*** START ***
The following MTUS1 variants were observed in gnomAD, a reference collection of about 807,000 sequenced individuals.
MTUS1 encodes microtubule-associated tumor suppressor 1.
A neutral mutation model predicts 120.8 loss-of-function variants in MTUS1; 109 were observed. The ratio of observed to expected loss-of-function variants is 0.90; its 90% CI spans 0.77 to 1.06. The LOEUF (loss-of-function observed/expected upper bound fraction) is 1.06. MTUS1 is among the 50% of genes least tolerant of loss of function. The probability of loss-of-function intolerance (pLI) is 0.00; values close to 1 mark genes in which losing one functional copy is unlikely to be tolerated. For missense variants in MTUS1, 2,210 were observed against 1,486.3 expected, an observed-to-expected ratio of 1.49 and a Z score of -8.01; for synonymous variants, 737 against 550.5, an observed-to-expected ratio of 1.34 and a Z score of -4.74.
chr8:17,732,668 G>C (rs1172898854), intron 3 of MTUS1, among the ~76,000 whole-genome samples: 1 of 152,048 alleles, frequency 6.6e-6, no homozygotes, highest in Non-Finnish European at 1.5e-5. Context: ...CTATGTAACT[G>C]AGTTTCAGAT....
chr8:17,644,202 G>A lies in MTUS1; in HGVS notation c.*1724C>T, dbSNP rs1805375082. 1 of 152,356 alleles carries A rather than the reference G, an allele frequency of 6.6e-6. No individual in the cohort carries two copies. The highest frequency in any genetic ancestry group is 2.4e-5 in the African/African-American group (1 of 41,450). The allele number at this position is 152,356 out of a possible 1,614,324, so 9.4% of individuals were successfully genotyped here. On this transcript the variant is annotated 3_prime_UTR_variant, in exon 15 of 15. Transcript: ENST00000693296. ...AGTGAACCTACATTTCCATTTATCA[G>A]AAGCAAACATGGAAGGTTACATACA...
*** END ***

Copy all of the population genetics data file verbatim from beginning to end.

The following MTUS1 variants were observed in gnomAD, a reference collection of about 807,000 sequenced individuals.
MTUS1 encodes microtubule-associated tumor suppressor 1.
A neutral mutation model predicts 120.8 loss-of-function variants in MTUS1; 109 were observed. The ratio of observed to expected loss-of-function variants is 0.90; its 90% CI spans 0.77 to 1.06. The LOEUF (loss-of-function observed/expected upper bound fraction) is 1.06. MTUS1 is among the 50% of genes least tolerant of loss of function. The probability of loss-of-function intolerance (pLI) is 0.00; values close to 1 mark genes in which losing one functional copy is unlikely to be tolerated. For missense variants in MTUS1, 2,210 were observed against 1,486.3 expected, an observed-to-expected ratio of 1.49 and a Z score of -8.01; for synonymous variants, 737 against 550.5, an observed-to-expected ratio of 1.34 and a Z score of -4.74.
chr8:17,732,668 G>C (rs1172898854), intron 3 of MTUS1, among the ~76,000 whole-genome samples: 1 of 152,048 alleles, frequency 6.6e-6, no homozygotes, highest in Non-Finnish European at 1.5e-5. Context: ...CTATGTAACT[G>C]AGTTTCAGAT....
chr8:17,644,202 G>A lies in MTUS1; in HGVS notation c.*1724C>T, dbSNP rs1805375082. 1 of 152,356 alleles carries A rather than the reference G, an allele frequency of 6.6e-6. No individual in the cohort carries two copies. The highest frequency in any genetic ancestry group is 2.4e-5 in the African/African-American group (1 of 41,450). The allele number at this position is 152,356 out of a possible 1,614,324, so 9.4% of individuals were successfully genotyped here. On this transcript the variant is annotated 3_prime_UTR_variant, in exon 15 of 15. Transcript: ENST00000693296. ...AGTGAACCTACATTTCCATTTATCA[G>A]AAGCAAACATGGAAGGTTACATACA...